A drunken mob stormed into a London synagogue where worshippers were marking the end of the Sabbath early Sunday, shouting “Kill the Jews,” attacking people, vandalizing the building and stoking fears of rising anti-Semitism.
Jews inside the Ahavas Torah synagogue used chairs as shields as they beat back the throng, which assaulted at least one man and smashed windows. Scotland Yard said six people, including two women, were later arrested in connection to the attack, which came amid increasing anxiety in Europe’s Jewish community.
“After what happened in Paris, you are beginning to get British Jews asking, ‘Will I be safe going to synagogue or going to a Jewish shop? Will my children be safe in a Jewish school?’ ” Britain's former chief rabbi, Lord Jonathan Sacks, told Sky News.
“After what happened in Paris, you are beginning to get British Jews asking, ‘Will I be safe going to synagogue or going to a Jewish shop? Will my children be safe in a Jewish school?’"
Reaction in Britain to Israel’s war against Hamas last summer contributed to a record number of anti-Semitic incidents in the United Kingdom last year. Some 1,168 incidents of anti-Semitism were recorded during the year, according to the Community Security Trust’s annual report issued for publication on Thursday.
Part of Sunday’s frightening incident in the city’s Stamford Hill section was captured on video. Still, police and synagogue elders, including Rabbi Maurice Davis, said they did believe the 1:20 a.m. incident was anti-social, and not simply anti-Semitic.
Meir Taub, a member of the local Shomrim, a Jewish patrol set up to counter violence against Jews, told the Telegraph he was called to the incident shortly after it began.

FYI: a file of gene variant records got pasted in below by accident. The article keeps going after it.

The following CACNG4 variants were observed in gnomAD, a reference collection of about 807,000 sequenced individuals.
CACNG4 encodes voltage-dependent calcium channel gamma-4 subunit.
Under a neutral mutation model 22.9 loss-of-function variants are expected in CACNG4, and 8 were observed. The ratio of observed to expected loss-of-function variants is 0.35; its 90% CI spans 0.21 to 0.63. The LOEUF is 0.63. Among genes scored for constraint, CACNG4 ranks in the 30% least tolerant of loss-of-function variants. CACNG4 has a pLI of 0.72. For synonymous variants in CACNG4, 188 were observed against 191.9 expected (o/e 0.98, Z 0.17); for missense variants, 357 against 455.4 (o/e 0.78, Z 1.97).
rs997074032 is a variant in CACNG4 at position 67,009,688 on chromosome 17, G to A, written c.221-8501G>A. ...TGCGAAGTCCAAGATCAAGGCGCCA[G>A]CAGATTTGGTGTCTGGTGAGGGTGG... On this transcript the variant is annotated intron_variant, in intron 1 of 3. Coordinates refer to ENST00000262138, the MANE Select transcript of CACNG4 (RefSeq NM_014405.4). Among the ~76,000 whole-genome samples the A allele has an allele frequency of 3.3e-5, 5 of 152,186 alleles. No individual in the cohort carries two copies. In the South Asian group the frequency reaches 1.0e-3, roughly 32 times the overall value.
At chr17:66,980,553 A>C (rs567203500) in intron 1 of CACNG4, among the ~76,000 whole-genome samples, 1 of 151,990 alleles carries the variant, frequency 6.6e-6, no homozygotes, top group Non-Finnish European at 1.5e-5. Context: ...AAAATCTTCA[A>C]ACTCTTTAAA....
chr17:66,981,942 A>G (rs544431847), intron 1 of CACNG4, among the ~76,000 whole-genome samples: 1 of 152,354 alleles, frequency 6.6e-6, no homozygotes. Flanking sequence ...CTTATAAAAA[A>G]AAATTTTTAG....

"I came down and there was a huge group of people, men and women, trying to force their way into the synagogue,” Taub said. "The window had already been smashed. Teenagers were shouting abuse. It was blatantly anti-Semitic, they came and attacked a synagogue."
Jewish leaders said they turned over footage of the incident, which captured violence as well as the chants of “Kill the Jews.”
"I have clear footage which I'm going to show to the police, which clearly shows there were anti-Semitic chants," Taub said.
Police said the mob had left a nearby party and tried to break into the synagogue, sparking the confrontation.
"The disturbance began when a group of drunk males, believed to have walked to the area from a house party nearby, tried to gain access to the synagogue,” said a Scotland Yard spokesman.
Sacks later told BBC Radio that the most recent survey showed an overwhelming number of Jews in Britain feel safe. But following the Charlie Hebdo attack in Paris, in which Islamist extremists killed 12 in an attack on a satirical magazine, and anti-Semitic incidents elsewhere in Europe, Israeli Prime Minister Benjamin Netanyahu has warned European Jews they may only be truly safe in Israel.
In February, a man attacked a synagogue in Copenhagen, killing a Jewish man guarding the building during a Bat Mitzvah celebration. Hours earlier, the same man attacked a cultural center where a debate on blasphemy and freedom of expression was taking place, killing a man and injuring three police officers. Also in February, hundreds of Jewish graves were desecrated in a cemetery near Strasbourg, France. And last May, a man shot and killed four people in a Jewish museum in Brussels.
Many, if not most, of the anti-Semitic incidents over the past year in Europe have been driven by Islamist extremism, however, while Sunday's attack did not appear to involve religious extremists.